By Sarah Feldberg | August 25, 2016 | Culture
The Riviera’s implosion is the latest in a decades-long history of showy detonations.
It is the best kind of magic trick. One minute there is a building, a tower, a monument to stacked chips, spilled drinks and dreams dashed or fulfilled. The next there is nothing. With the push of a button, a self-contained world becomes rubble. This summer, the Riviera, former home of Liberace and those famous Crazy Girls posteriors, was the latest casino to go boom in a pair of carefully engineered demolitions. But the tradition of detonating our former haunts dates back more than 20 years to 1993, when a crowd of about 200,000 watched 365 pounds of dynamite turn the Dunes to dust, its neon sign still shining and the words “No Vacancy” splashed across its marquee. In the years since, implosions have become a beloved local tradition, an only-in-Vegas spectacle that celebrates the city’s constant evolutionary march toward what’s new and next. The Landmark’s toppling was famously captured for the film Mars Attacks in 1995. The Hacienda fell under a hail of fireworks on New Year’s Eve 1996. In 2007, the New Frontier announced its own death with glittery fireworks on the building’s facade counting down to zero. Crowds often cheer when a casino crumbles, but just as thrilling as the symphony of explosions and the crash of concrete is seeing what rises from the ashes.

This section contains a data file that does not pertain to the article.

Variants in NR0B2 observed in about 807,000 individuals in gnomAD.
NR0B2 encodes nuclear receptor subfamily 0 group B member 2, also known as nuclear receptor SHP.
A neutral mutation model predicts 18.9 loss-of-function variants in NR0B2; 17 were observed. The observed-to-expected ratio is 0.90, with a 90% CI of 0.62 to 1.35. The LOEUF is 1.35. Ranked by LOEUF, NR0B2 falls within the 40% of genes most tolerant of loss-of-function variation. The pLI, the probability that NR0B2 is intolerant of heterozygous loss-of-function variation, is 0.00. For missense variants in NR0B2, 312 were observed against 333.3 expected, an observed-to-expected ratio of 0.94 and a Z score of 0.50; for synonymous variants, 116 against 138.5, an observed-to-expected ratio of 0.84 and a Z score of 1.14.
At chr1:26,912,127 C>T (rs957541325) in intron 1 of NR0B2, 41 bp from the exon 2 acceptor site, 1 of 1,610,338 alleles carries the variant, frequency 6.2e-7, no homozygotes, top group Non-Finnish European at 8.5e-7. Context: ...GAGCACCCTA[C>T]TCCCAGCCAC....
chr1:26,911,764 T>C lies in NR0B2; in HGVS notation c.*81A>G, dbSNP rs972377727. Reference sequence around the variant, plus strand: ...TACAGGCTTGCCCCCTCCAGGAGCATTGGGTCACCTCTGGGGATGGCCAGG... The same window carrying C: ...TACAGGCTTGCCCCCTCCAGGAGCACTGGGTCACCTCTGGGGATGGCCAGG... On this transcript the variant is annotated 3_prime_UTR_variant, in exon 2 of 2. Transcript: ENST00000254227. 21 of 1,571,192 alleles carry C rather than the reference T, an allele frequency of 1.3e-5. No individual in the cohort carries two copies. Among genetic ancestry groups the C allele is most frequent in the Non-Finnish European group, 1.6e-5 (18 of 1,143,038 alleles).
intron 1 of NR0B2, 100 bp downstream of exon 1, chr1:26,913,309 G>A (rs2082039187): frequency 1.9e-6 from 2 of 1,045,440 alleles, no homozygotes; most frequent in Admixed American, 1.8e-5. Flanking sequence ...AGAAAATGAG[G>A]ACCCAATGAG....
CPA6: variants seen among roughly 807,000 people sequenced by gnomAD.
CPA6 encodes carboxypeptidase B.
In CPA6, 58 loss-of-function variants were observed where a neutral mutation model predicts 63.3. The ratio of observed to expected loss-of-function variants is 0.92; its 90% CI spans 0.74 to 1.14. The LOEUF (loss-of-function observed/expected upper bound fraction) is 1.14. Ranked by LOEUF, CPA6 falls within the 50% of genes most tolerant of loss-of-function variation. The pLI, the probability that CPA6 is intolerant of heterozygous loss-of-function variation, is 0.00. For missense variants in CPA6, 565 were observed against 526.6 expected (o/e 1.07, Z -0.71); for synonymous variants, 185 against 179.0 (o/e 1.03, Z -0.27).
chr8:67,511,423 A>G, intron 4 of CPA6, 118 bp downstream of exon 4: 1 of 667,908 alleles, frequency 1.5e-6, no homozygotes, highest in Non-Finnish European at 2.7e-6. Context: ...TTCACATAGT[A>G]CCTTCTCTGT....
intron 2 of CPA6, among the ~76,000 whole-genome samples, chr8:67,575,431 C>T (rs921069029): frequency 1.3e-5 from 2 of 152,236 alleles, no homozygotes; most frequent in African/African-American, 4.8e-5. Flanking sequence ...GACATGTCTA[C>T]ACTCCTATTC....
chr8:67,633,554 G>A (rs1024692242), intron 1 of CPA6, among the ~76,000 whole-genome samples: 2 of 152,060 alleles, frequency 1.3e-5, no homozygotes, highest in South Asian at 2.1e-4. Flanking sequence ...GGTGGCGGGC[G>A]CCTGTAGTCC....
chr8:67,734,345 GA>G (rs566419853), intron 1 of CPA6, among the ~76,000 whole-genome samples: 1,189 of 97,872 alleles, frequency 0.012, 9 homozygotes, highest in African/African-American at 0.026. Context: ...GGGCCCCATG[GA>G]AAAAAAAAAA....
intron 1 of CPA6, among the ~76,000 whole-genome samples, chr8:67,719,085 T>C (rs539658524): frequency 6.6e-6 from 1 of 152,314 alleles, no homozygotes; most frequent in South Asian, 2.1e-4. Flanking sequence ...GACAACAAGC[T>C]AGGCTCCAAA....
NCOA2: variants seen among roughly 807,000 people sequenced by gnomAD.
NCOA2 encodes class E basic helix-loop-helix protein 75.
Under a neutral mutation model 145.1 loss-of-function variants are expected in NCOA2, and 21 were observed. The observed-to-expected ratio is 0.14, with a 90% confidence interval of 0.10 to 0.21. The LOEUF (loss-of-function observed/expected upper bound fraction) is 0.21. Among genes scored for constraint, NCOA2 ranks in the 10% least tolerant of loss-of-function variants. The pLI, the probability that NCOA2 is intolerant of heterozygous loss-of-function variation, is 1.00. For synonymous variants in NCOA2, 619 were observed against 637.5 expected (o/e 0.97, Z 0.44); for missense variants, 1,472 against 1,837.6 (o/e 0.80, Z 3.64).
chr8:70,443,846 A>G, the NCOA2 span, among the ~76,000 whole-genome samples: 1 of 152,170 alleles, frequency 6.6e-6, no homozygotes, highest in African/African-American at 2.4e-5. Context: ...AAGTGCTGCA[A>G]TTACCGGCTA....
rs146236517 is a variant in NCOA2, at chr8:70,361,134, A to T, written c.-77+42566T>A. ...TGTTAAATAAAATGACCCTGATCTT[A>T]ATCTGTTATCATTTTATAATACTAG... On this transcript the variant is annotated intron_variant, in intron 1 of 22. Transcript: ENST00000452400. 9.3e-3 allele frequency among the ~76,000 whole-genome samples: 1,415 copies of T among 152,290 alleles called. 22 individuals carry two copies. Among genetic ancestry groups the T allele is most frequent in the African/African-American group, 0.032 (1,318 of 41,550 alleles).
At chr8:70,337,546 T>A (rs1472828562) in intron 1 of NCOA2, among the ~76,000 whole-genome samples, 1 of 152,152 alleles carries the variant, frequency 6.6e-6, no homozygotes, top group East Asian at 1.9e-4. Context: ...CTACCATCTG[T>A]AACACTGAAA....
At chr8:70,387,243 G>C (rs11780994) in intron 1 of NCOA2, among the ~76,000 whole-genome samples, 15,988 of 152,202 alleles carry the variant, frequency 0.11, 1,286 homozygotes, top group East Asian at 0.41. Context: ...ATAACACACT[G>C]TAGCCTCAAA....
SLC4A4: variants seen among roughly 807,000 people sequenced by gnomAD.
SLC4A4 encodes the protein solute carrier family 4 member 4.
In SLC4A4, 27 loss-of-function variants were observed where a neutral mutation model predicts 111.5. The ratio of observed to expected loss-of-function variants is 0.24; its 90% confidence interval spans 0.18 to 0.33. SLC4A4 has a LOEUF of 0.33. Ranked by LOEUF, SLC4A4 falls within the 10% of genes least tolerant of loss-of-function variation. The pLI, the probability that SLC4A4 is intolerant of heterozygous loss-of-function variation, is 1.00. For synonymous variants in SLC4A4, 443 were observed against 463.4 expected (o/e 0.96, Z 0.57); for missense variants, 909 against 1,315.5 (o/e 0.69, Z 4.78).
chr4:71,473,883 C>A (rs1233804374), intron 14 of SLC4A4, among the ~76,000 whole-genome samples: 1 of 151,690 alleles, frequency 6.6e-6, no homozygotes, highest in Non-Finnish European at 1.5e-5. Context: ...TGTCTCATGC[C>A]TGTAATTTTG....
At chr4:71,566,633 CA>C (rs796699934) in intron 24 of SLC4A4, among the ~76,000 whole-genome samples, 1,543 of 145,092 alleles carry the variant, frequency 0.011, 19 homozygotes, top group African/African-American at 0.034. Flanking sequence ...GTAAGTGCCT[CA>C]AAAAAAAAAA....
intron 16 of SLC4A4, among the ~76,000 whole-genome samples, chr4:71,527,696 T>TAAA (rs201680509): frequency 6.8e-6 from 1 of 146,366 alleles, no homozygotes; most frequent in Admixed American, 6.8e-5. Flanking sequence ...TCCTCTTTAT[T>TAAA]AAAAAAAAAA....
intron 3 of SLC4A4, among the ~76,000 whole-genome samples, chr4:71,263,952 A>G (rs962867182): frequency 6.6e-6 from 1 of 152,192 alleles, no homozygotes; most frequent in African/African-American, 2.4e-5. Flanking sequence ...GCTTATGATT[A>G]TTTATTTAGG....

PhotograPhy by SaM MorrIS / LaS VEgaS SUN (StardUSt); StEVE MarCUS / LaS VEgaS SUN (FroNtIEr); aaroN MayES/LaS VEgaS SUN
(aLaddIN); JohN gUrZINSKI/aFP/gEtty IMagES (rIVIEra); CoUrtESy oF LaS VEgaS NEwS bUrEaU (LaNdMarK, dUNES, CaStawayS)